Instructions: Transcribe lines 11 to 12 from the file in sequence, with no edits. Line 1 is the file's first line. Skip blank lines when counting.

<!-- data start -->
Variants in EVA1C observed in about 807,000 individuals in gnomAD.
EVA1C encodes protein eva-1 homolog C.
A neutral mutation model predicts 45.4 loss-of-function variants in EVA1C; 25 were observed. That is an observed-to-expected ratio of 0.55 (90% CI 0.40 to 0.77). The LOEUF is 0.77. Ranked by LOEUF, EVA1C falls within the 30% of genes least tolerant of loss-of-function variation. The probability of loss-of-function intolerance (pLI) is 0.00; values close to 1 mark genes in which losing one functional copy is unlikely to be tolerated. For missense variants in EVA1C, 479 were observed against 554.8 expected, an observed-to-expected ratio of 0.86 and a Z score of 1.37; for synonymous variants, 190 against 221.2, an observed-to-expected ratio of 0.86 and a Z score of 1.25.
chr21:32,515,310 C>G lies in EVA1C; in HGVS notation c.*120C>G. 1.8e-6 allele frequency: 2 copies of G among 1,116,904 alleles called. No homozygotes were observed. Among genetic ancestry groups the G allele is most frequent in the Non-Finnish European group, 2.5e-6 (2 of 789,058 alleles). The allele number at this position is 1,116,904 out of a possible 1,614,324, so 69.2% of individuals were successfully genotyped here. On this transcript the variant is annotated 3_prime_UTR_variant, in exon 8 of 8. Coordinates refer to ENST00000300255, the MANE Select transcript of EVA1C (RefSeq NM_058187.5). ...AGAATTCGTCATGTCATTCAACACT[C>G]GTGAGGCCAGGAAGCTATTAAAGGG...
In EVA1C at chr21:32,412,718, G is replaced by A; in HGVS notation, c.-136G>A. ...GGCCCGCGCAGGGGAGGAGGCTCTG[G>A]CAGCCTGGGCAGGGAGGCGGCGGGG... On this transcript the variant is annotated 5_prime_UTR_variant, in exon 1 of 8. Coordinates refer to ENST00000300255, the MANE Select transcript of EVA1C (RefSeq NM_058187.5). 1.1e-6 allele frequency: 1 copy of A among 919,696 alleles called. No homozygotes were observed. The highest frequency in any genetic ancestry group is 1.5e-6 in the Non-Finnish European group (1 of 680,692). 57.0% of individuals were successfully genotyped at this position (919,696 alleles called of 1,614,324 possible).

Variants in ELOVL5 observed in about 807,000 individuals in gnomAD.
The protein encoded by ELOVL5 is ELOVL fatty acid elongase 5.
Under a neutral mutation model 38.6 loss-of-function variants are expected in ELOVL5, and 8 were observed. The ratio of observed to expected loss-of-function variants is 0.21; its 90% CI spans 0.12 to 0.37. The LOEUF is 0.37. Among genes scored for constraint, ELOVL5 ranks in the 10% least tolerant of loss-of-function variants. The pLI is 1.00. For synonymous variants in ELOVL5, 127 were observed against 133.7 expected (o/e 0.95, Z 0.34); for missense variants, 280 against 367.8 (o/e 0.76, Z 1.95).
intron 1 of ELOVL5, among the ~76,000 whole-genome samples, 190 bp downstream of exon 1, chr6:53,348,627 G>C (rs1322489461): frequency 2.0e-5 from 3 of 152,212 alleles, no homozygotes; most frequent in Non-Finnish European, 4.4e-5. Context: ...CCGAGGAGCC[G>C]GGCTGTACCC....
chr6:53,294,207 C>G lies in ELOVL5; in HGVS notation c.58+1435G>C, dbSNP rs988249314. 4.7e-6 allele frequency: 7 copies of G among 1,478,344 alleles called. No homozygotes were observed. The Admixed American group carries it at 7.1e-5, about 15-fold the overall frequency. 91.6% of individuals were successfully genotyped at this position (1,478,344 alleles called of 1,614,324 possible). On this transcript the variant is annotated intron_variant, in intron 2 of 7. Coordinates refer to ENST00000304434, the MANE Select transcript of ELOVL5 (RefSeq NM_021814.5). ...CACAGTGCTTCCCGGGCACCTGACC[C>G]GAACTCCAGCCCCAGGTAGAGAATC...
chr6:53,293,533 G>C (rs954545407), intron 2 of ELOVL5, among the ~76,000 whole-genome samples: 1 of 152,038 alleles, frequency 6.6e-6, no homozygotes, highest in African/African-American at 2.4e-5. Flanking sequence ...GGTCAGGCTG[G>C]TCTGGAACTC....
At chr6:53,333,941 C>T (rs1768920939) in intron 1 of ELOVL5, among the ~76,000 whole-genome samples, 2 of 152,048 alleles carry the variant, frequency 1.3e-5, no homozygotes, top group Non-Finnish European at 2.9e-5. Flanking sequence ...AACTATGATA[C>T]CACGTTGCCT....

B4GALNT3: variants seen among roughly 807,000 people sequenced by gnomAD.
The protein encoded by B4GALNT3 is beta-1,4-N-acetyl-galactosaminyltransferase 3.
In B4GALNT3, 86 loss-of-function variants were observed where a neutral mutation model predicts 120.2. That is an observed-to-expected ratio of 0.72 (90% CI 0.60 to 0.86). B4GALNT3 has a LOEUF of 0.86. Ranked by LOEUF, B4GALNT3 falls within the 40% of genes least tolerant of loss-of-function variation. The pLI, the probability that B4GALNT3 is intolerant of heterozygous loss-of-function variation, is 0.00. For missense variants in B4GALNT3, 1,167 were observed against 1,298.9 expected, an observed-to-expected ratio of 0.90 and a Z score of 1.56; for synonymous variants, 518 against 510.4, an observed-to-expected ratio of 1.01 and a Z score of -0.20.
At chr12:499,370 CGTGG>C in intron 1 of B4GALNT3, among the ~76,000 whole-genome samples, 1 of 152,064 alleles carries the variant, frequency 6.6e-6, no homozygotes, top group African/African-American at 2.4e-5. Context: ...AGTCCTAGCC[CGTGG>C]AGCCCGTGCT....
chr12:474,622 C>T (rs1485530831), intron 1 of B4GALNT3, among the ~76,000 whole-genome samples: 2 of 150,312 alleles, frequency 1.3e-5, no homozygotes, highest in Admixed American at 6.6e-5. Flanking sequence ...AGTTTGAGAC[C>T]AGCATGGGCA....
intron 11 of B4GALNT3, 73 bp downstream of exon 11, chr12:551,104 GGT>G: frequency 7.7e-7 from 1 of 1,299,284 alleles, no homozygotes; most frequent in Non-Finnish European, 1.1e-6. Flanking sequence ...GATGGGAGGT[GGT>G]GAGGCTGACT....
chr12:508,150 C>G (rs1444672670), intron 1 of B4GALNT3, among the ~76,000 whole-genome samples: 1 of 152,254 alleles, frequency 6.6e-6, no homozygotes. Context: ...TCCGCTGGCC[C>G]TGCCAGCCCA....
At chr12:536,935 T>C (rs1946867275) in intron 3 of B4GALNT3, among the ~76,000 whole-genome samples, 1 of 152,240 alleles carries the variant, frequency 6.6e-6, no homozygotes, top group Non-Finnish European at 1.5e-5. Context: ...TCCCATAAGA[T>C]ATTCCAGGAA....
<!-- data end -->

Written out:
chr6:53,293,533 G>C (rs954545407), intron 2 of ELOVL5, among the ~76,000 whole-genome samples: 1 of 152,038 alleles, frequency 6.6e-6, no homozygotes, highest in African/African-American at 2.4e-5. Flanking sequence ...GGTCAGGCTG[G>C]TCTGGAACTC....
At chr6:53,333,941 C>T (rs1768920939) in intron 1 of ELOVL5, among the ~76,000 whole-genome samples, 2 of 152,048 alleles carry the variant, frequency 1.3e-5, no homozygotes, top group Non-Finnish European at 2.9e-5. Flanking sequence ...AACTATGATA[C>T]CACGTTGCCT....